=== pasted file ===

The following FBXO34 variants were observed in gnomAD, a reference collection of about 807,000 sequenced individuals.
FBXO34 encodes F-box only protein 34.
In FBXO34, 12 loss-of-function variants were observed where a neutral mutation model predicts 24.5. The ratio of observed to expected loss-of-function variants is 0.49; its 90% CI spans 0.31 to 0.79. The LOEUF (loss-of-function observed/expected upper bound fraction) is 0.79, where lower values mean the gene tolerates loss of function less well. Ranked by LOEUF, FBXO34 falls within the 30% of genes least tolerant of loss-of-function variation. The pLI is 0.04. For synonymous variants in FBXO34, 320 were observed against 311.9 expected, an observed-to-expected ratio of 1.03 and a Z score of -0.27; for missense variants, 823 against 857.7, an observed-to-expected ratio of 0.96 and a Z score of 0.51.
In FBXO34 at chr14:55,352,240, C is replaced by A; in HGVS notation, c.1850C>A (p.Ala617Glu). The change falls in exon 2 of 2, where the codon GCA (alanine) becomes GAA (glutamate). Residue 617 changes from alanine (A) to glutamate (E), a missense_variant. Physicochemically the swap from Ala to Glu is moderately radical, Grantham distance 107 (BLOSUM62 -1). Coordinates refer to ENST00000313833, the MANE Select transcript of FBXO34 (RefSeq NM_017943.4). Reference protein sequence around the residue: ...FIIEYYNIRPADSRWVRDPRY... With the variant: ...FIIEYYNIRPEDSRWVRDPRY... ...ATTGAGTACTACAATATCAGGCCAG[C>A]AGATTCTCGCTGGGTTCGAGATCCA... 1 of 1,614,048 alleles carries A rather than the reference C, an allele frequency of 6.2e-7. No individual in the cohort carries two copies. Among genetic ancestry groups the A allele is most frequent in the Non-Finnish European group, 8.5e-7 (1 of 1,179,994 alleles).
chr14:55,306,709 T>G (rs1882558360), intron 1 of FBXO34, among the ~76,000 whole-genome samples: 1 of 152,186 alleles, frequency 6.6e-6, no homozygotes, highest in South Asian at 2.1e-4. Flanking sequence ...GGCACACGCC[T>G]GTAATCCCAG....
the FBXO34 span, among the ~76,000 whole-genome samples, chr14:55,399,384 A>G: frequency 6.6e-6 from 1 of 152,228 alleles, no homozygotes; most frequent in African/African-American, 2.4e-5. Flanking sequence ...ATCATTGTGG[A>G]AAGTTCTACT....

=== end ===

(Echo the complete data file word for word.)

The following FBXO34 variants were observed in gnomAD, a reference collection of about 807,000 sequenced individuals.
FBXO34 encodes F-box only protein 34.
In FBXO34, 12 loss-of-function variants were observed where a neutral mutation model predicts 24.5. The ratio of observed to expected loss-of-function variants is 0.49; its 90% CI spans 0.31 to 0.79. The LOEUF (loss-of-function observed/expected upper bound fraction) is 0.79, where lower values mean the gene tolerates loss of function less well. Ranked by LOEUF, FBXO34 falls within the 30% of genes least tolerant of loss-of-function variation. The pLI is 0.04. For synonymous variants in FBXO34, 320 were observed against 311.9 expected, an observed-to-expected ratio of 1.03 and a Z score of -0.27; for missense variants, 823 against 857.7, an observed-to-expected ratio of 0.96 and a Z score of 0.51.
In FBXO34 at chr14:55,352,240, C is replaced by A; in HGVS notation, c.1850C>A (p.Ala617Glu). The change falls in exon 2 of 2, where the codon GCA (alanine) becomes GAA (glutamate). Residue 617 changes from alanine (A) to glutamate (E), a missense_variant. Physicochemically the swap from Ala to Glu is moderately radical, Grantham distance 107 (BLOSUM62 -1). Coordinates refer to ENST00000313833, the MANE Select transcript of FBXO34 (RefSeq NM_017943.4). Reference protein sequence around the residue: ...FIIEYYNIRPADSRWVRDPRY... With the variant: ...FIIEYYNIRPEDSRWVRDPRY... ...ATTGAGTACTACAATATCAGGCCAG[C>A]AGATTCTCGCTGGGTTCGAGATCCA... 1 of 1,614,048 alleles carries A rather than the reference C, an allele frequency of 6.2e-7. No individual in the cohort carries two copies. Among genetic ancestry groups the A allele is most frequent in the Non-Finnish European group, 8.5e-7 (1 of 1,179,994 alleles).
chr14:55,306,709 T>G (rs1882558360), intron 1 of FBXO34, among the ~76,000 whole-genome samples: 1 of 152,186 alleles, frequency 6.6e-6, no homozygotes, highest in South Asian at 2.1e-4. Flanking sequence ...GGCACACGCC[T>G]GTAATCCCAG....
the FBXO34 span, among the ~76,000 whole-genome samples, chr14:55,399,384 A>G: frequency 6.6e-6 from 1 of 152,228 alleles, no homozygotes; most frequent in African/African-American, 2.4e-5. Flanking sequence ...ATCATTGTGG[A>G]AAGTTCTACT....